Delightful Discoveries are books that I have discovered during the week... old, new, just released... from blogs, goodreads, friends, or bookstores.
So this week I found these goodies...
A Really Awesome Mess by Trish Cook and Brendan Halpin
A hint of Recovery Road, a sample of Nick and Norah's Infinite Playlist, and a cut of Juno. A Really Awesome Mess is a laugh-out-loud, gut-wrenching/heart-warming story of two teenagers struggling to find love and themselves.
Two teenagers. Two very bumpy roads taken that lead to Heartland Academy. Justin was just having fun, but when his dad walked in on him with a girl in a very compromising position, Justin's summer took a quick turn for the worse. His parents' divorce put Justin on rocky mental ground, and after a handful of Tylenol lands him in the hospital, he has really hit rock bottom.
Emmy never felt like part of her family. She was adopted from China. Her parents and sister tower over her and look like they came out of a Ralph Lauren catalog-- and Emmy definitely doesn't. After a scandalous photo of Emmy leads to vicious rumors around school, she threatens the boy who started it all on Facebook.
Justin and Emmy arrive at Heartland Academy, a reform school that will force them to deal with their issues, damaged souls with little patience for authority. But along the way they will find a ragtag group of teens who are just as broken, stubborn, and full of sarcasm as themselves. In the end, they might even call each other friends. A funny, sad, and remarkable story, A Really Awesome Mess is a journey of friendship and self-discovery that teen readers will surely sign up for.
Paper Hearts by S.R. Savell
A pushy counselor, school bullies, a neglectful mother, and a dead father have tainted 17-year-old high school senior Michelle Pearce’s perspective on life. She’s become a social reject with a bad attitude. Her faith in the goodness of humanity is restored when she gets to know her newest coworker, Nathaniel Slater, a high school dropout who works three jobs to care for his dying grandmother. But their budding romance has little time to blossom before tragedy strikes, destroying Michelle’s hope in the world she lives in and threatening to tear her and Nathaniel apart.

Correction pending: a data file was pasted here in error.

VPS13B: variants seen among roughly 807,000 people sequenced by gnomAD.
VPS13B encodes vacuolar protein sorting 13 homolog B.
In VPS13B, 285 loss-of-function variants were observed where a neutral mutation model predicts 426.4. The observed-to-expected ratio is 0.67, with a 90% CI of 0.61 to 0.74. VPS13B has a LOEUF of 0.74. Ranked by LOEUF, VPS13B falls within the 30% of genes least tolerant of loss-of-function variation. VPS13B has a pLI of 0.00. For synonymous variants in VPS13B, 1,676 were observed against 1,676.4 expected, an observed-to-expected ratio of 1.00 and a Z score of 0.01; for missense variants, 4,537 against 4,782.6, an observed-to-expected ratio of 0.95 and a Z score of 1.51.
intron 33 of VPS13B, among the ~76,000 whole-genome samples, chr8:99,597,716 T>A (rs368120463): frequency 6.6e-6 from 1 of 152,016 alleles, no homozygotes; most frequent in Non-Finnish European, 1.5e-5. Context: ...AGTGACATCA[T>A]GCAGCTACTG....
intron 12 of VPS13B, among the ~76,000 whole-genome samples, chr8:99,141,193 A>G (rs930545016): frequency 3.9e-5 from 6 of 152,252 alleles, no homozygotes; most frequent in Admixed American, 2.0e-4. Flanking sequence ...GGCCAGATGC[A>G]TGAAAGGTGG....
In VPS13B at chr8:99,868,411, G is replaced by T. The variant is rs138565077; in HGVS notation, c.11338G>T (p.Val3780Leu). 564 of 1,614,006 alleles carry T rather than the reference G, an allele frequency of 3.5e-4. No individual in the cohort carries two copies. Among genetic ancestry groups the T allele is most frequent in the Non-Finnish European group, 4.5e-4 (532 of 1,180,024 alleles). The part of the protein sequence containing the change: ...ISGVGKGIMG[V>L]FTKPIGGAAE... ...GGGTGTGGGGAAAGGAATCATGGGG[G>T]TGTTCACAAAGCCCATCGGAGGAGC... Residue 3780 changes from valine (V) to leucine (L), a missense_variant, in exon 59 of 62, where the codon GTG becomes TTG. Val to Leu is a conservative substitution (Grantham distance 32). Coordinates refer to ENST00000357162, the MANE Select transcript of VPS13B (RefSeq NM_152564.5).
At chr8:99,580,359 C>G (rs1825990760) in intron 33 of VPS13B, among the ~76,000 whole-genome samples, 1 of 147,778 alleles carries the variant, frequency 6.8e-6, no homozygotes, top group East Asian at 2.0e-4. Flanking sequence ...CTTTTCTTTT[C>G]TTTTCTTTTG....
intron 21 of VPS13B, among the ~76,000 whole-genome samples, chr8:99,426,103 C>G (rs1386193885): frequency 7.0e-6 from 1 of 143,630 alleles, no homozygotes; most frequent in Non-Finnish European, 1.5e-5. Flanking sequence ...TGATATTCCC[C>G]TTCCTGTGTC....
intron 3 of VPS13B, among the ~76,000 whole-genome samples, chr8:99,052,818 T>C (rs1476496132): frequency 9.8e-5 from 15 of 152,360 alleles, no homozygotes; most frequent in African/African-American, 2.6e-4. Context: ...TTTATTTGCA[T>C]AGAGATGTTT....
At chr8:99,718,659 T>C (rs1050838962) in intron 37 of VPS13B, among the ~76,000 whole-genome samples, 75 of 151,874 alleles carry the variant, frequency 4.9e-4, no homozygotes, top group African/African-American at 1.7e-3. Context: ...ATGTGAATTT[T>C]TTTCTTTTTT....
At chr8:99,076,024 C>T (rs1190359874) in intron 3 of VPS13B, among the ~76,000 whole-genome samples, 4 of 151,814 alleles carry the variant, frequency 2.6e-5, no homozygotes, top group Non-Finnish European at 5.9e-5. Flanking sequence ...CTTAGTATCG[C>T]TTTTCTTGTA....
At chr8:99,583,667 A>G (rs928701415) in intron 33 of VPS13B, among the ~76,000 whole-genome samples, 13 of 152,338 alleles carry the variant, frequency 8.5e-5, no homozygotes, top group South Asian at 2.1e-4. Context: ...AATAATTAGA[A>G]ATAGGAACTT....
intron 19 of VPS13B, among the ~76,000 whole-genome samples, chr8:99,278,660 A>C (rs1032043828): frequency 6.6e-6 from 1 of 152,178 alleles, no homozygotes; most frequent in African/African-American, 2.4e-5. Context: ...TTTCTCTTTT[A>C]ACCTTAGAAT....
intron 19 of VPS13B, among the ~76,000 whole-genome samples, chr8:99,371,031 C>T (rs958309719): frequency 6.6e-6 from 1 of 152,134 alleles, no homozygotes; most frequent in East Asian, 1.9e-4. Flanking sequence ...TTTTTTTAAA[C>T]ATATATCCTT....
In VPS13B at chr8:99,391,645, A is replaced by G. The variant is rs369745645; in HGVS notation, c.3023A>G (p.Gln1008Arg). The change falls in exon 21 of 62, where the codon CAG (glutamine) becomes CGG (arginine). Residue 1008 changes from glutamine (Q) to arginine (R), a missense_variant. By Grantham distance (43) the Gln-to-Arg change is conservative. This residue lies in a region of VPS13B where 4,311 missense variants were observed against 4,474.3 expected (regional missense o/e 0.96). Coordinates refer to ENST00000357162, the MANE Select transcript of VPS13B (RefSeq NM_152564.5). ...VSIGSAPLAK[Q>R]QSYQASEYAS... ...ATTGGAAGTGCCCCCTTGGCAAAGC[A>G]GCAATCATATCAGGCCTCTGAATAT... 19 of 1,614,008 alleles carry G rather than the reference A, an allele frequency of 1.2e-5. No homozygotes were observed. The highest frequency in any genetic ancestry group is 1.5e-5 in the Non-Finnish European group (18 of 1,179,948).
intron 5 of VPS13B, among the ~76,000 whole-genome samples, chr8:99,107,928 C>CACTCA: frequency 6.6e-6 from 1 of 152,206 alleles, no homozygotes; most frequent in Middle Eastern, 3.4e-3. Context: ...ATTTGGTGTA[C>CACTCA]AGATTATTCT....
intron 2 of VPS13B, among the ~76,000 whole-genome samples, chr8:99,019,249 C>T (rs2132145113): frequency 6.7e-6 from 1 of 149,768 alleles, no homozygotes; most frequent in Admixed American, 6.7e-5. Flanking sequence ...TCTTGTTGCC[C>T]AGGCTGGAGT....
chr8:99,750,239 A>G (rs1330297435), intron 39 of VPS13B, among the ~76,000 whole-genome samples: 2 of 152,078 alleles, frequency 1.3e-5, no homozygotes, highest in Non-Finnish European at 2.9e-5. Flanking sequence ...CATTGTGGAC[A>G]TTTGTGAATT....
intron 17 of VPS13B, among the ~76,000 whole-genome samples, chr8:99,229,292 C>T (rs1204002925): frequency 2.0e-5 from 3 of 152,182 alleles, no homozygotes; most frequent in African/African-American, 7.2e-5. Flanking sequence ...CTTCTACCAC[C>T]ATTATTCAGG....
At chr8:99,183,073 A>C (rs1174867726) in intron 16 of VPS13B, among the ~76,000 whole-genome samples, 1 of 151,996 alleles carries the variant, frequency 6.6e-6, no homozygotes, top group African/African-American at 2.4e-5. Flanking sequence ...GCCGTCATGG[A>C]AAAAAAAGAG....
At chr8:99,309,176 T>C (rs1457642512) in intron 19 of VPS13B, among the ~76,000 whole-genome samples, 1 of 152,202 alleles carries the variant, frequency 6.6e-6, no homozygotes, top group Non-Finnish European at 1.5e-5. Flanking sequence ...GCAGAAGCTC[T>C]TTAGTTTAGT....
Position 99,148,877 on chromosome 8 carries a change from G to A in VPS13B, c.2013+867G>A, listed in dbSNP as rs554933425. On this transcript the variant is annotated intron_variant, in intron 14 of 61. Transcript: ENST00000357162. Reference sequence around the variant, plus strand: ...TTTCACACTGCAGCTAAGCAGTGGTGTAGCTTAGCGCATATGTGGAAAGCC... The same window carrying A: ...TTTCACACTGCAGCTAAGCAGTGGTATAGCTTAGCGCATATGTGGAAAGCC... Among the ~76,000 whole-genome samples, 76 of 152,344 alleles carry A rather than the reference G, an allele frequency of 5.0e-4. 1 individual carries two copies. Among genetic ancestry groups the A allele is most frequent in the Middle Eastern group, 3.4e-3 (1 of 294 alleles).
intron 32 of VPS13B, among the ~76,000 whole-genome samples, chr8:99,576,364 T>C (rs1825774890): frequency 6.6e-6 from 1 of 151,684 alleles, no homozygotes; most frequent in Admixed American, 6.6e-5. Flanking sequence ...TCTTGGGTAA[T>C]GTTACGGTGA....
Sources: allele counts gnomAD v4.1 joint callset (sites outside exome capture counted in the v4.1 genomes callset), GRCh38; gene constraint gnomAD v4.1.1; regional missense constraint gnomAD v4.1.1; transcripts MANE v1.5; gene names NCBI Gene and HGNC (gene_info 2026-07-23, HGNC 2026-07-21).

Knotted Roots by Ruthi Kight
Partying with friends and scoring a flawless tan is about all Roxie has on her list of things to make her Hampton's summer perfect.
Her parents, however, have other plans and Grandma Betty's farm is just one of them.
Just as her life is in shambles and the quaint town is suffocating her, she meets Chase.
Somewhere in the mix of bummer summer and small town doldrums, he becomes the boy she can't seem to avoid falling for. Just adding him to the picture, her stay starts to get better, even if she knows it has to end with the summer holidays.
That is until Betty drops a life-shattering bomb. Roxie must make a choice that will change her life forever. What happens when a spoiled brat from New York learns the true meaning of love, loss, and forgiveness?
Can Chase and Roxie find a way to be together or is this just another summer romance?
Confessions of a Hater by Caprice Crane
Mean girls are always the haters - Right?
Hailey Harper has always felt invisible. Now her dad has a new job and the family is moving to Hollywood. Just what Hailey needs: starting a new high school.
As she's packing, Hailey finds a journal that belonged to her older sister, Noel, who is away at college. Called "How to Be a Hater," it's full of info Hailey can really use. Has Hailey found the Bible of Coolness? Will it help her reinvent herself at her new school? Will her crush notice her? Will she and the other Invisibles dethrone the popular mean girls? After all, they deserve it. Don't they?
Caprice Crane's funny--and deeply felt--observations about high school, bullies, popularity, friendship, and romance will leave teens thinking...and talking.
Zebra Forest by Adina Rishe Gewirtz
In an extraordinary debut novel, an escaped fugitive upends everything two siblings think they know about their family, their past, and themselves.
When eleven-year-old Annie first started lying to her social worker, she had been taught by an expert: Gran. "If you’re going to do something, make sure you do it with excellence," Gran would say. That was when Gran was feeling talkative, and not brooding for days in her room — like she did after telling Annie and her little brother, Rew, the one thing they know about their father: that he was killed in a fight with an angry man who was sent away. Annie tells stories, too, as she and Rew laze under the birches and oaks of Zebra Forest — stories about their father the pirate, or pilot, or secret agent. But then something shocking happens to unravel all their stories: a rattling at the back door, an escapee from the prison holding them hostage in their own home, four lives that will never be the same. Driven by suspense and psychological intrigue, Zebra Forest deftly portrays an unfolding standoff of truth against family secrets — and offers an affecting look at two resourceful, imaginative kids as they react and adapt to the hand they’ve been dealt.